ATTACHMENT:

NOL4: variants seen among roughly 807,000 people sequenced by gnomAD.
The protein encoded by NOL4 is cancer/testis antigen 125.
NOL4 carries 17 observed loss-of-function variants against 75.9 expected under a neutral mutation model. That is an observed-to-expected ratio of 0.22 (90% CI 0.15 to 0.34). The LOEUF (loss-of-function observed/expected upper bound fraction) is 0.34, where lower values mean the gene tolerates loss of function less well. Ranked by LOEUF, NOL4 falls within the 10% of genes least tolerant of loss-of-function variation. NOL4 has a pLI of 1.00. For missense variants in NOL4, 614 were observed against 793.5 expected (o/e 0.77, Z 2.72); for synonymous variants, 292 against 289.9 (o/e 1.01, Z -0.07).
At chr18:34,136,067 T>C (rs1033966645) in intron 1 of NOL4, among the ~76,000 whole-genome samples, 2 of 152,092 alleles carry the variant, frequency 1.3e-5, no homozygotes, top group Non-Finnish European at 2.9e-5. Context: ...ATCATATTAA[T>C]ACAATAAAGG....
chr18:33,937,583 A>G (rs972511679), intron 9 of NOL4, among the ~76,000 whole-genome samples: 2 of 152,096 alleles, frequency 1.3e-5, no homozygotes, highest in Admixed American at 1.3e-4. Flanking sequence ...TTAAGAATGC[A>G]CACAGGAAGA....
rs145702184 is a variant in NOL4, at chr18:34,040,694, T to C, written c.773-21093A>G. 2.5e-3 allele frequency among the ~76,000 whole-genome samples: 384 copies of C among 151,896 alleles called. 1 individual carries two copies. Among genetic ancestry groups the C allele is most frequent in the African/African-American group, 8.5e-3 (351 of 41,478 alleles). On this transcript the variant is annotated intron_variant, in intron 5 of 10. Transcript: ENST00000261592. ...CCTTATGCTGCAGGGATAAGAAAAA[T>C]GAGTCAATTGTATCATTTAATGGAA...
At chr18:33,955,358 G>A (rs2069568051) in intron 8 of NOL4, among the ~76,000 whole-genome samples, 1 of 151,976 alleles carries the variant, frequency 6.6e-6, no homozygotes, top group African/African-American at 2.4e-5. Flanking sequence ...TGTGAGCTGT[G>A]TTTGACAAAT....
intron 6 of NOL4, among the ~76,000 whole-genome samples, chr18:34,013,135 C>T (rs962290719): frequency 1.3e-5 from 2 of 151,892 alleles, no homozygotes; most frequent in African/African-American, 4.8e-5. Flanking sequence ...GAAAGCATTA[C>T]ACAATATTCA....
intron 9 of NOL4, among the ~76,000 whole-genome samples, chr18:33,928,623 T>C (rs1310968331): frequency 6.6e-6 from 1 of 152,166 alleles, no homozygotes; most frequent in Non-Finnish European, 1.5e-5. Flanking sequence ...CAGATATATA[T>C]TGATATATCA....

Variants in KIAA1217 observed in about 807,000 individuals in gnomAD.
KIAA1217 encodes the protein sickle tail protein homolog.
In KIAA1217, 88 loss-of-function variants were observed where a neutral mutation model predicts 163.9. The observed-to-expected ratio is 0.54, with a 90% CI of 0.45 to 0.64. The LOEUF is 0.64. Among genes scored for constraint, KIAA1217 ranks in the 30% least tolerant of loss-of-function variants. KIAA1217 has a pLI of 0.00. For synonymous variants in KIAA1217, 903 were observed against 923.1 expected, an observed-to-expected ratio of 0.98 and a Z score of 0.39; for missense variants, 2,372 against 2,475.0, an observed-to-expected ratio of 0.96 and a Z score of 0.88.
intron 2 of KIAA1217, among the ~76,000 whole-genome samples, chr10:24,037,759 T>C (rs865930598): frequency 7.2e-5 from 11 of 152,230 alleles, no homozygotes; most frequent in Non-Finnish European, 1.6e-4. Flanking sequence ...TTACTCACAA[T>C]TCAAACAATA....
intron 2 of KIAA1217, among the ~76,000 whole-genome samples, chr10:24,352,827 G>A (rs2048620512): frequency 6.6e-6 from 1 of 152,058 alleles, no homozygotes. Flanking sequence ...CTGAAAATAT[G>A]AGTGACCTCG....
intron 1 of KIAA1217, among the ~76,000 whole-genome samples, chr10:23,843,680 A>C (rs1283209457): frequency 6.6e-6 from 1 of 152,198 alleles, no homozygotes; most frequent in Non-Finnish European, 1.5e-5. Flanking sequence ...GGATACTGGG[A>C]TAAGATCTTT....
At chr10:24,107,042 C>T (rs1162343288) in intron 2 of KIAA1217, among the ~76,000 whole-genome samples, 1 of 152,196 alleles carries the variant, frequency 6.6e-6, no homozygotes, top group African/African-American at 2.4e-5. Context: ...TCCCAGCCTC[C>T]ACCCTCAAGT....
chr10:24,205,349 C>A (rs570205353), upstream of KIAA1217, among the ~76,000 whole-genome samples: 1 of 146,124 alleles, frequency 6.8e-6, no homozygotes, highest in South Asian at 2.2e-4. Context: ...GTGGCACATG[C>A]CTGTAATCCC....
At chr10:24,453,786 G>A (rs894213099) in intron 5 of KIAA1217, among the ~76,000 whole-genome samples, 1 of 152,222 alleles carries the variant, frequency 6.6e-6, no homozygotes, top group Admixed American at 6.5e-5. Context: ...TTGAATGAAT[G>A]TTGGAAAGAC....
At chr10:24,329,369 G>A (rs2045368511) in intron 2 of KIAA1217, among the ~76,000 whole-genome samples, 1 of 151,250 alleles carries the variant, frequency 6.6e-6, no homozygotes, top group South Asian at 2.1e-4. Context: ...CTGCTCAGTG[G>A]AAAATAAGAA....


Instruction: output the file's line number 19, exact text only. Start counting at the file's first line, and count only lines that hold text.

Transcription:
At chr10:24,329,369 G>A (rs2045368511) in intron 2 of KIAA1217, among the ~76,000 whole-genome samples, 1 of 151,250 alleles carries the variant, frequency 6.6e-6, no homozygotes, top group South Asian at 2.1e-4. Context: ...CTGCTCAGTG[G>A]AAAATAAGAA....